The national park was an idea almost as defiant and and independent as the democratic traditions that underwrote it, filmmaker Ken Burns declares in his 2009 documentary on America’s parks. That was because before Yosemite, western civilization’s only tradition of magnificent places was having them owned by and operated for the aristocracy. “What could be more democratic”, asked Carl Pope, of the Sierra Club, “than a nation’s most magnificent places being owned collectively?”.
National parks, a radical idea, had taken root on Thomas Jefferson’s hallowed ground and would soon spread world-wide. Every wilderness that has been afforded some protection since – like Tasmania’s Cradle Mountain or regions of the Nepal Himalaya – owe their existence in some way to that moment of extraordinary 19th century foresight.
Going back in, coming home
So why are national parks so important? And how do they relate to our arc of personal or leadership development?
Etched above the portal to Yellowstone National Park and through which all visitors must pass as they enter it are the words of the USA’s 26th president, Theodore Roosevelt. Roosevelt is revered as one of America’s greatest leaders and also perhaps its defining defender of the nation’s wilderness as a democratic ideal. “For the benefit and enjoyment of the people”, Roosevelt said. “Leave it as it is. The ages have been at work on it and man can only mar it.”
At The Everest Academy, we believe life’s challenges at sea level – those of self awareness, leadership and development – can be best sharpened with experience with the wilderness. Time spent with its mirror. Wilderness as the tipping point for self-awareness, reflection and change.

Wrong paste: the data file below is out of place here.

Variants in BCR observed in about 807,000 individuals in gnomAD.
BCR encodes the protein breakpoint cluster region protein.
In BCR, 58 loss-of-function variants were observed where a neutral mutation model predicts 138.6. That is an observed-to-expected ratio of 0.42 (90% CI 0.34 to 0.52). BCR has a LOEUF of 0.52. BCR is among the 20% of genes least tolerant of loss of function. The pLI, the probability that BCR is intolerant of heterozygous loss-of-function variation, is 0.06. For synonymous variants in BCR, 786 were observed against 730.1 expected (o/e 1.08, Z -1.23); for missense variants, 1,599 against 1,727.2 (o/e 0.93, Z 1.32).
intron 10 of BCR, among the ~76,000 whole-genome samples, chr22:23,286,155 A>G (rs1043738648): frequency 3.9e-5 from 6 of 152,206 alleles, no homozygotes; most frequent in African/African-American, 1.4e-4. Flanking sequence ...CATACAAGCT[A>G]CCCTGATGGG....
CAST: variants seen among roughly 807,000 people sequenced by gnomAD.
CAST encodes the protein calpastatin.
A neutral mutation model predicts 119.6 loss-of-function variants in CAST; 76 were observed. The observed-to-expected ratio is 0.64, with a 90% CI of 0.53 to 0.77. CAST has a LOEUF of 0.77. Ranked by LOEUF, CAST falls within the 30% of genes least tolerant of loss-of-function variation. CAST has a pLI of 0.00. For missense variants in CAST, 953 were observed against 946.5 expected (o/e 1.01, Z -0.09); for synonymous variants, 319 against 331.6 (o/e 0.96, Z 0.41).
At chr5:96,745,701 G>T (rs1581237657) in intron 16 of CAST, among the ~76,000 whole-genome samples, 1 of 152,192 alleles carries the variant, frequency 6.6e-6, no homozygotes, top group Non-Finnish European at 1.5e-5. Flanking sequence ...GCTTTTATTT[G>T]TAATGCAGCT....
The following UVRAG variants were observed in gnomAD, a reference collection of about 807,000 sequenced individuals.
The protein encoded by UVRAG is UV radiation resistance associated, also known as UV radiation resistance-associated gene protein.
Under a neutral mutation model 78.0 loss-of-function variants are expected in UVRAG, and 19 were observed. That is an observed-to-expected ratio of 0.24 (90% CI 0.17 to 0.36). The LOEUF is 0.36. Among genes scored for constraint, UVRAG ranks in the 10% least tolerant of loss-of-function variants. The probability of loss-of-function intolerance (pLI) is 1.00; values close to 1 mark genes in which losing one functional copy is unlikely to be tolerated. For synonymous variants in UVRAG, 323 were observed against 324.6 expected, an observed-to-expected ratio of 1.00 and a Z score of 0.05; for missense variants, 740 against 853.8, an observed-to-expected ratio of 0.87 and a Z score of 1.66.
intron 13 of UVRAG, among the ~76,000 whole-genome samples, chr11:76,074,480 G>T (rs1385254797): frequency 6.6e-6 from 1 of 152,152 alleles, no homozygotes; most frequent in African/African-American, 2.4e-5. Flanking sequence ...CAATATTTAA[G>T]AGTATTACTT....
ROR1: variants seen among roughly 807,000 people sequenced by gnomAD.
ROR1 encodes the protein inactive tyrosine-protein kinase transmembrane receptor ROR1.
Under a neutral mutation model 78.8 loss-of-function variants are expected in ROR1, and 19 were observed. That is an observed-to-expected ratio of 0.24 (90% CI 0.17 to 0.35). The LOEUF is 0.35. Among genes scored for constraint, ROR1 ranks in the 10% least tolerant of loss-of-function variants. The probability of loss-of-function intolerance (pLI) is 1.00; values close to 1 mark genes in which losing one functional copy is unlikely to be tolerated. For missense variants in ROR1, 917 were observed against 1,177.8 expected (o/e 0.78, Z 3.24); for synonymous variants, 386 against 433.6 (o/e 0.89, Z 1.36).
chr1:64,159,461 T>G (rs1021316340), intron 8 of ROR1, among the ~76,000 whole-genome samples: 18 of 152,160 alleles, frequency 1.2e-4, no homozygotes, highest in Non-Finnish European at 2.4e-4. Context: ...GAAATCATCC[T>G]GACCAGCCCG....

That’s because the wilderness can help reveal us and what is important to us in ways otherwise hidden or perhaps untested. It’s the same broad premise on which the UK’s Outward Bound program started in the 1940s and Australia’s Geelong Grammar School’s Timbertop program was launched in 1953 – and helps explain why both have proved so durable and influential worldwide. By going into those places, we allow the space and time to see our reflection – and deal with it.
It was writer Dayton Duncan – in the preamble to Burns’ documentary – who contrasts being in that state with how most of us struggle to make sense in our work and personal life in busy urban environments. “I think deep in our DNA there is this embedded memory of when we were not separated from the rest of the natural world but part of it…We cross that boundary and suddenly we are no longer master of the natural world, we’re part of it. And in that sense it’s like we are coming home.”
By John Carruthers
Learned Optimism, M. Seligman, Random House, 1992
Emotional Intelligence, D. Goleman, Bantam, 1995
Emotional Capitalists: The New Leaders, M. Newman, 2007
The Hogan Guide, R. Hogan, J. Hogan, R. Warrenfeltz, Hogan Press, 2007
How to Have a Good Day: Harness the Power of Behavioural Science to Transform your Working Life, C. Webb, Random House, 2016
The National Parks: America’s Best Idea (documentary), K. Burns, 2009
Jackson Hole Mountain Guides http://jhmg.com/